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Breaking Down the Alabama Offense vs Arkansas

Pregame Walk through: Get yourself prepped for the upcoming opponent with x and o breakdowns, scouting reports, charting data, and everything you need for the next game.

Christopher Hanewinckel-USA TODAY Sports

Lane Kiffin has given the Alabama offense an interesting makeover. As if he calls plays from a menu, Kiffin has mixed and matched the most successful combos from various offensive styles and put them together to the tune of 550 yards a game.

The pro style roots are still there. The big change comes with quicker pace, and the use of more spread concepts. Against Ole Miss the offense had some struggles in the second half. Missed field goals and penalties killed drives along with some stout play by the Ole Miss defense, but the offense was able to run and pass effectively. Overall this is a very potent and effective offense. The questions for this team mostly reside in special teams and on the defensive side of the ball.


What Alabama is trying to do looks a lot like a Bobby Petrino type system where Kiffin looks to pass early to set up the run late in the game with a lead. It uses a heavy amount of play action and roll out passing game. It also looks a lot like Malzahn and other spread teams in both style and play call where they use multiple formations and various personnel groupings to run a small amount of plays, and a large amount of packaged plays to take advantage of matchups.

Against Florida the Tide were in Shotgun or Pistol 40 out of 87 plays. They called 20 run and 20 pass. Evened out late in the game when Alabama went up by two touchdowns and looked to run out the clock.

Against West Virginia they were in Shotgun or Pistol 33 out of 69 plays with 14 run and 19 pass.

Against Ole Miss, Alabama was in Shotgun or Pistol 41 out of 75 plays with 22 run and 19 pass.

Empty and Four Wide Sets

This one against Florida on the their first offensive play went for 87 yards. Drake (now out after a sick injury vs Ole Miss) is lined up as an outside receiver with Amari Cooper split to the opposite side of the field. The read for Sims presnap is to determine whether Drake has a LB or a DB on him. Florida put LB Antonio Morrison in an off coverage position covering Drake.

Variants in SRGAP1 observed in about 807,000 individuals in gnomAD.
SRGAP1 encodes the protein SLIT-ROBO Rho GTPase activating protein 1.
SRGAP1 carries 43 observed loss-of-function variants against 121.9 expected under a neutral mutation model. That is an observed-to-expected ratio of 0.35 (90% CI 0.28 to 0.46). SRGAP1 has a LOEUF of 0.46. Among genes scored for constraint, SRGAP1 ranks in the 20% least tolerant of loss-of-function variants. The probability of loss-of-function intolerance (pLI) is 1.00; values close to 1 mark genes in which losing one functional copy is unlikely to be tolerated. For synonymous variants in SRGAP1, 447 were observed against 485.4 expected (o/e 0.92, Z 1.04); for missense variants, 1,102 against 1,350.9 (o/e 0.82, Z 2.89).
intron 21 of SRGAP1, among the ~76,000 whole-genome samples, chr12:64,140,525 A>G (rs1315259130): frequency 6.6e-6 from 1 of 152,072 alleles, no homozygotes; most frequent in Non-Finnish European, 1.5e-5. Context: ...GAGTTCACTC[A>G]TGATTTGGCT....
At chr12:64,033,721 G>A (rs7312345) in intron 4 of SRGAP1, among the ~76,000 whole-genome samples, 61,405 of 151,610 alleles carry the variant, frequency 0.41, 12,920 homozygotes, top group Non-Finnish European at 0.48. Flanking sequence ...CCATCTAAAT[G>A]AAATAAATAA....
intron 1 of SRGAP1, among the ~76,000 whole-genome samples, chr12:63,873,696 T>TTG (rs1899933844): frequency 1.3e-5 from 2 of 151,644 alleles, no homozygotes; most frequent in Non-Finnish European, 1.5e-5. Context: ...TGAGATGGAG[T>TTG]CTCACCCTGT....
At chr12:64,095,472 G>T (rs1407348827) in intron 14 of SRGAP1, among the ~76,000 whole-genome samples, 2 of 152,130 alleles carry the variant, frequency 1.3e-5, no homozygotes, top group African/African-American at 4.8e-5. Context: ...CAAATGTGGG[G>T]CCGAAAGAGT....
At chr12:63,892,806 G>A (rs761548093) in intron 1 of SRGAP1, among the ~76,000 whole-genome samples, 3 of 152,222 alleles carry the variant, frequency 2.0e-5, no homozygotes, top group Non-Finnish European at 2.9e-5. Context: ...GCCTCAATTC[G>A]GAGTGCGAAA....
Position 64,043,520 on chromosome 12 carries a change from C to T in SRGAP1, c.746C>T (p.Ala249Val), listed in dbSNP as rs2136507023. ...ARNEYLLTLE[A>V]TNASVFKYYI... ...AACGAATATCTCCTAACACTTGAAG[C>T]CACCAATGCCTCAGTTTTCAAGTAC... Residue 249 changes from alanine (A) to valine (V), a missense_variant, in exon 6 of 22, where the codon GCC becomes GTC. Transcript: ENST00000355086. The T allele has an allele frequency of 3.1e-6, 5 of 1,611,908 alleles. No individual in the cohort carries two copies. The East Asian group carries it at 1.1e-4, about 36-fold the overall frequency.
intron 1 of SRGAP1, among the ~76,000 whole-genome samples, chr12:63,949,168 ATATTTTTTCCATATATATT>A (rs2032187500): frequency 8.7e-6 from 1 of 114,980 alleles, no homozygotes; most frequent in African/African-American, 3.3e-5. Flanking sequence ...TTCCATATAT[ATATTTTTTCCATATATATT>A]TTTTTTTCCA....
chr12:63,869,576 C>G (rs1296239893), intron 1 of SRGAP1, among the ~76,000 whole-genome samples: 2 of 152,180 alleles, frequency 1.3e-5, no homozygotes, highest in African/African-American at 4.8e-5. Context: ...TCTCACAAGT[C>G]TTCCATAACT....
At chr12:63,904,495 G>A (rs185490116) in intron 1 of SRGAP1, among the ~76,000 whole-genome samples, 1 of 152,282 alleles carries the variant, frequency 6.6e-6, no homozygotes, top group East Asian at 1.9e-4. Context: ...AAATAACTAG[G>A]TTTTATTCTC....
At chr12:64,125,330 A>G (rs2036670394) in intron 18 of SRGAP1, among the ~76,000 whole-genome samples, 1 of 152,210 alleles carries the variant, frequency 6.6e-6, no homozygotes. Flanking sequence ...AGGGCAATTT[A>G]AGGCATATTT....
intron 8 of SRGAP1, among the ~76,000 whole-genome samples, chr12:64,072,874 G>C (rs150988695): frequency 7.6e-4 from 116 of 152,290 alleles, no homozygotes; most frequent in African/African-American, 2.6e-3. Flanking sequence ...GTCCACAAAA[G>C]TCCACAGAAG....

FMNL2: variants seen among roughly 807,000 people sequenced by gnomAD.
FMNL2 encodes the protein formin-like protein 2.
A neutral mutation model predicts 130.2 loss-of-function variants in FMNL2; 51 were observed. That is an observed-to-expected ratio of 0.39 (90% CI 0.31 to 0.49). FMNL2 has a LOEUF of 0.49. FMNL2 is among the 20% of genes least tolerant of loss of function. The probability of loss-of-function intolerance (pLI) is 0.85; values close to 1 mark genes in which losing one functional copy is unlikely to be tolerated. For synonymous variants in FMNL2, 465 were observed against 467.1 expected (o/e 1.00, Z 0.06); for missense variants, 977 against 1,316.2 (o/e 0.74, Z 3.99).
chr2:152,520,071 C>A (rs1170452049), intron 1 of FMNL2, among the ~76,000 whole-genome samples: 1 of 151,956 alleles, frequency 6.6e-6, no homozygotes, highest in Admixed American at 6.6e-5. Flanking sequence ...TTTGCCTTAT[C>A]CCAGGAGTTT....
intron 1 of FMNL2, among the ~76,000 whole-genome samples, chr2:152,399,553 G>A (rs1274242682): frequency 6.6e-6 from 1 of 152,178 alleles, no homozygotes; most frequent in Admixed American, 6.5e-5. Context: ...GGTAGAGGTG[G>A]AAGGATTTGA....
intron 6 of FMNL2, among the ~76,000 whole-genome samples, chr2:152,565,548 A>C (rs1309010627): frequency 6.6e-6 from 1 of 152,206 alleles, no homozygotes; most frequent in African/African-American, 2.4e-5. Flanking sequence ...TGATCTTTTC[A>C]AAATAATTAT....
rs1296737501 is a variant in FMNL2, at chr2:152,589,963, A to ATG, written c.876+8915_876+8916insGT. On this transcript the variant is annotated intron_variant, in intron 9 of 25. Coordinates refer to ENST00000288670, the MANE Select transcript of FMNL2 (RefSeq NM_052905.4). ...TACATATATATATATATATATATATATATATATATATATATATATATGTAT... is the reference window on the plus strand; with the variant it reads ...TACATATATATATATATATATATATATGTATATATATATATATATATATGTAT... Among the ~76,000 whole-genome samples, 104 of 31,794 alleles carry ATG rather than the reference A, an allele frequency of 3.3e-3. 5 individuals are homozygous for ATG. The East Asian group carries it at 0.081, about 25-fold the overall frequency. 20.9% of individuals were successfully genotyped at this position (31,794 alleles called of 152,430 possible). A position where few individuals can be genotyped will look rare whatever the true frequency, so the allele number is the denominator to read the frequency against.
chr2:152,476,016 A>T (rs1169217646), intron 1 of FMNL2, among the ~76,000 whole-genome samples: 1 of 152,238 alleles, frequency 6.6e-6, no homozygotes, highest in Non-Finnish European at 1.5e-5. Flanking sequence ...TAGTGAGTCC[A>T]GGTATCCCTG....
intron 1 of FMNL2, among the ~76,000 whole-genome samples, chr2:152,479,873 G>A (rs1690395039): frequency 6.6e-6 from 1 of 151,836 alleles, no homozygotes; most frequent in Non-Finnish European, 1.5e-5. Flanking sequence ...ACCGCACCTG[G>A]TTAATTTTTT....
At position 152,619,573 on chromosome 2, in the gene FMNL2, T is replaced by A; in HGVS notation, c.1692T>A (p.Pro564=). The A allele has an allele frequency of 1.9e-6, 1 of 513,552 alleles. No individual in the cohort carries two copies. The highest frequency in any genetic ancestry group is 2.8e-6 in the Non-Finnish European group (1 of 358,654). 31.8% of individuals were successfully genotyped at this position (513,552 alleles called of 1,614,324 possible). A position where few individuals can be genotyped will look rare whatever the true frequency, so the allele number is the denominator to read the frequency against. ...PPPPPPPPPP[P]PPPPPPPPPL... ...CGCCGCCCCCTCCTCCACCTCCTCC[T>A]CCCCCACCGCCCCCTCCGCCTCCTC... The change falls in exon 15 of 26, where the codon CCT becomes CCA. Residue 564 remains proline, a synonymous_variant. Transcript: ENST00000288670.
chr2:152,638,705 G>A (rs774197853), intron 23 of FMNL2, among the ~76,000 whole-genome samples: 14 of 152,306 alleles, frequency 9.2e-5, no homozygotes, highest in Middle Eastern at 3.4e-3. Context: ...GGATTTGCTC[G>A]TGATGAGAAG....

A linebacker running a 4.7 40 versus a 4.4 running back with half the field to work with is a mismatch every time. Even if Florida covered Drake with a safety the play had an outlet built in to throw to Cooper on the WR screen. Drake's injury removes him from this formation but I am certain it will be used with some combination of personnel to attack the Arkansas secondary.


Lane Kiffin has also added some flexibility to the Alabama offense including presnap "lookies, or can I's" attached to a base run play. Most of these have been used in the pistol along with some playaction out of that set. In the play below Cooper is lined up at the bottom of the screen and gives the signal that he can beat his man who is in one on one press coverage.


Cooper is too quick and gets by the corner for the fade over the top. Hopefully the Arkansas secondary plays this different than Florida did, because Cooper is next to impossible to stop in these situations. The safety on the hash just is not able to get to the sideline due to the run action freezing his read. The way Arkansas plays this situation may very well be key to the game.

Zone Read:

The most interesting addition to the Alabama offense has been the Zone Read game, which out of this Ace 3 Back set looks identical to a version that Auburn uses. Blake Sims has the ability to get out in space, and has been coached to get on the ground after a decent gain. Just another aspect to game plan for that makes Bama more multiple.


Playaction/Traditional One Back and Two Back:

In the 20-25 plays that the Tide are not in shotgun sets, they use some formations that have been staples of the Alabama offense and some that will look very familiar to observers of the Arkansas offense. Kiffin hired Jim Chaney as his OC at Tennessee so there is a considerable amount of mixing between the two coaches styles.  This play is a perfect example.


In the loss to Ole Miss, Alabama won time of possesion, first downs, third down conversions, total yards, rushing yards, but had one more turnover. Seems to be the nature of SEC football where it is a lot more like the NFL game in that a few plays can determine the outcome. Parity makes the margin for error much smaller, and Arkansas will need to play a mistake-free game and cause a few to win against the Tide.

Amari Cooper will be a tough matchup for a group on the Arkansas defense that has had well documented struggles. Can Tevin Mitchel cover Cooper out of the slot, or if he lines up wide? Does Robb Smith play zone and keep safeties deep giving up the underneath routes and leaving the linebackers alone in run support? The biggest advantage for Arkansas to what Alabama has shown on offense this year comes in the amount of 5 step longer developing plays that Kiffin has drawn up. There will be some of these situations that the talented Arkansas defensive line will be given opportunites to put pressure on Blake Sims. Capitalizing on a big turnover in one of these situations will go a long way toward pulling the upset. Woo Pig!.